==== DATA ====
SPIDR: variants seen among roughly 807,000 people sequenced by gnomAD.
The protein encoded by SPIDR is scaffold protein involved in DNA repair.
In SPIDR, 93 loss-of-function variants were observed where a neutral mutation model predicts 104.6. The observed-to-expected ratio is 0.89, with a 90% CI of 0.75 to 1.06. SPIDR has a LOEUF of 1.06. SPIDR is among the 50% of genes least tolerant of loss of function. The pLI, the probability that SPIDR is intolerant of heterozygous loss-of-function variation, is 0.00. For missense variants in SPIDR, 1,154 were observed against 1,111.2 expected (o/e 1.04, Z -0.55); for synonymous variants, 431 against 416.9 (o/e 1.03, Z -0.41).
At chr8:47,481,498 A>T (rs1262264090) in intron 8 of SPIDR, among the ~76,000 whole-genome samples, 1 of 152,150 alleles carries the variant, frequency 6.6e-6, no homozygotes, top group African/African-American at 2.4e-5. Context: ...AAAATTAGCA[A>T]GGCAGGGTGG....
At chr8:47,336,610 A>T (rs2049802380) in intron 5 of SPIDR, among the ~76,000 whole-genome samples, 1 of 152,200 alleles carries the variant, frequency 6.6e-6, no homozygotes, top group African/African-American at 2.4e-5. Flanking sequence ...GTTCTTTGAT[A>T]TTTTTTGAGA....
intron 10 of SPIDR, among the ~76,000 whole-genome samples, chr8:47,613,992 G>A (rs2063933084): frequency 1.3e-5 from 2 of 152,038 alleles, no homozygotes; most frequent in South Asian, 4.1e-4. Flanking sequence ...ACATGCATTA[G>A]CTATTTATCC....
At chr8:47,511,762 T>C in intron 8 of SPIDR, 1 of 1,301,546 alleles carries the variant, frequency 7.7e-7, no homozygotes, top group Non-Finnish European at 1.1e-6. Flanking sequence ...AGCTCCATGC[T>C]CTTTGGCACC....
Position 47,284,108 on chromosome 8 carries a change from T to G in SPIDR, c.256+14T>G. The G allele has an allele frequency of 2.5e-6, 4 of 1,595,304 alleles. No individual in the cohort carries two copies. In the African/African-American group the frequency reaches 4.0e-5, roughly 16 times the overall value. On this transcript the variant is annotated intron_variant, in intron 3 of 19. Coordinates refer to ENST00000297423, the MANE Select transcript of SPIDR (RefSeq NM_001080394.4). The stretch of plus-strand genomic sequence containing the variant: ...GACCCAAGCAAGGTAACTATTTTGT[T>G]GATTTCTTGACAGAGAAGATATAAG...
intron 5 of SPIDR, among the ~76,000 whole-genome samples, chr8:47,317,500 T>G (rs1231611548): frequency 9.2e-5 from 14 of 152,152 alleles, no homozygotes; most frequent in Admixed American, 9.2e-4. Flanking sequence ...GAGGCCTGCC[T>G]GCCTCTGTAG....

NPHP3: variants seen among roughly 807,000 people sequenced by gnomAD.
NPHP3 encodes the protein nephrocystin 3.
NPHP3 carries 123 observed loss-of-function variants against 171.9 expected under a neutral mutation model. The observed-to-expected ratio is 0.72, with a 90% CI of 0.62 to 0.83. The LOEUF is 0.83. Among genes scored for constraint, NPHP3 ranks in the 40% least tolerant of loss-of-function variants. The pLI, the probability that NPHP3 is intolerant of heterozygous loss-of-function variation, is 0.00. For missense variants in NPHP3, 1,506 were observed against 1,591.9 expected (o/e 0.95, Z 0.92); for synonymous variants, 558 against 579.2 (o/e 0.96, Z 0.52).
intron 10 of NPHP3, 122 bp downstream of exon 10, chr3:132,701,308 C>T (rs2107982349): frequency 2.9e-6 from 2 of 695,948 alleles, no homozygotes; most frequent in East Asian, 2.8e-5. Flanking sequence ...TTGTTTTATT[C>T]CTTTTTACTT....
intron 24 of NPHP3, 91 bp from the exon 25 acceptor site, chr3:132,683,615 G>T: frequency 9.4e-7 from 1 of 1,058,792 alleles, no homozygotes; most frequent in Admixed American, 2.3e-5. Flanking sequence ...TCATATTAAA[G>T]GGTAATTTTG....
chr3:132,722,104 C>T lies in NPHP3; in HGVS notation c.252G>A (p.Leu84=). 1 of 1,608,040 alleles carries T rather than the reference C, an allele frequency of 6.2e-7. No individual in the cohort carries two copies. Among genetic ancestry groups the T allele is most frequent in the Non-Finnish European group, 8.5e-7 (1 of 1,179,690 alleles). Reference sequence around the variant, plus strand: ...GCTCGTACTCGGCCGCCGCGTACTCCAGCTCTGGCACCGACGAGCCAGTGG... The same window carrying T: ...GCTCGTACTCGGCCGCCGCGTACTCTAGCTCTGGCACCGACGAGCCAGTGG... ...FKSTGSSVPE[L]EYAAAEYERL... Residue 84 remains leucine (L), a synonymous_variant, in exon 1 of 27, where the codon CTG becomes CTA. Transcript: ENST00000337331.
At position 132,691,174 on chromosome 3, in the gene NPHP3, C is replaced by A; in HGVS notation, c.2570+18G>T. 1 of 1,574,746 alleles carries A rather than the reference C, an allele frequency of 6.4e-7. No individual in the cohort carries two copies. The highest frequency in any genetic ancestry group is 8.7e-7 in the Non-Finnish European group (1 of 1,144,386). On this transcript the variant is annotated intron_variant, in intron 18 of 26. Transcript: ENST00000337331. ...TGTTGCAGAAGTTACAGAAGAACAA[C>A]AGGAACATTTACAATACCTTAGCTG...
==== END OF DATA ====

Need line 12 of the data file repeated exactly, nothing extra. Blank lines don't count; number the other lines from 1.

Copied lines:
NPHP3 carries 123 observed loss-of-function variants against 171.9 expected under a neutral mutation model. The observed-to-expected ratio is 0.72, with a 90% CI of 0.62 to 0.83. The LOEUF is 0.83. Among genes scored for constraint, NPHP3 ranks in the 40% least tolerant of loss-of-function variants. The pLI, the probability that NPHP3 is intolerant of heterozygous loss-of-function variation, is 0.00. For missense variants in NPHP3, 1,506 were observed against 1,591.9 expected (o/e 0.95, Z 0.92); for synonymous variants, 558 against 579.2 (o/e 0.96, Z 0.52).